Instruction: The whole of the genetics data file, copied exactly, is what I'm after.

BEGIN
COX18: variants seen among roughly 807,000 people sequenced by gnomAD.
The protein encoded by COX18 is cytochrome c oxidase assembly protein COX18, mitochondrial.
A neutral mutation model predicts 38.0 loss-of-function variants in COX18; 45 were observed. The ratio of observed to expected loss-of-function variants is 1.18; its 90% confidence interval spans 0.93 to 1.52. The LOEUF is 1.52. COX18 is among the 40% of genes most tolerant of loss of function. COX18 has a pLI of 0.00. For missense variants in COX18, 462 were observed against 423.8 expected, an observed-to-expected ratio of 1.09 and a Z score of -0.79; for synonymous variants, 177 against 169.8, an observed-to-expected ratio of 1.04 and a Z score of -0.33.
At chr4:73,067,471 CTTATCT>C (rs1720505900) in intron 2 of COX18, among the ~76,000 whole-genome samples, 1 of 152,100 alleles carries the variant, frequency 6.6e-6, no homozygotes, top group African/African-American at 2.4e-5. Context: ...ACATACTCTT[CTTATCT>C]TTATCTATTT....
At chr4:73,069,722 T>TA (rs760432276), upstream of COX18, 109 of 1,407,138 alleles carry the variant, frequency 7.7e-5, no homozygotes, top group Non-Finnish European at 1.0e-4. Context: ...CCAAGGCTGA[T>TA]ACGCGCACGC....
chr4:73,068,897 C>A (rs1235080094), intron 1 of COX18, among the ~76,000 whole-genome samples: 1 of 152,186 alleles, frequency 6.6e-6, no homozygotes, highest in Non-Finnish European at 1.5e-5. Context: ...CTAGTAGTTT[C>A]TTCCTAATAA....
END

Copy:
COX18: variants seen among roughly 807,000 people sequenced by gnomAD.
The protein encoded by COX18 is cytochrome c oxidase assembly protein COX18, mitochondrial.
A neutral mutation model predicts 38.0 loss-of-function variants in COX18; 45 were observed. The ratio of observed to expected loss-of-function variants is 1.18; its 90% confidence interval spans 0.93 to 1.52. The LOEUF is 1.52. COX18 is among the 40% of genes most tolerant of loss of function. COX18 has a pLI of 0.00. For missense variants in COX18, 462 were observed against 423.8 expected, an observed-to-expected ratio of 1.09 and a Z score of -0.79; for synonymous variants, 177 against 169.8, an observed-to-expected ratio of 1.04 and a Z score of -0.33.
At chr4:73,067,471 CTTATCT>C (rs1720505900) in intron 2 of COX18, among the ~76,000 whole-genome samples, 1 of 152,100 alleles carries the variant, frequency 6.6e-6, no homozygotes, top group African/African-American at 2.4e-5. Context: ...ACATACTCTT[CTTATCT>C]TTATCTATTT....
At chr4:73,069,722 T>TA (rs760432276), upstream of COX18, 109 of 1,407,138 alleles carry the variant, frequency 7.7e-5, no homozygotes, top group Non-Finnish European at 1.0e-4. Context: ...CCAAGGCTGA[T>TA]ACGCGCACGC....
chr4:73,068,897 C>A (rs1235080094), intron 1 of COX18, among the ~76,000 whole-genome samples: 1 of 152,186 alleles, frequency 6.6e-6, no homozygotes, highest in Non-Finnish European at 1.5e-5. Context: ...CTAGTAGTTT[C>A]TTCCTAATAA....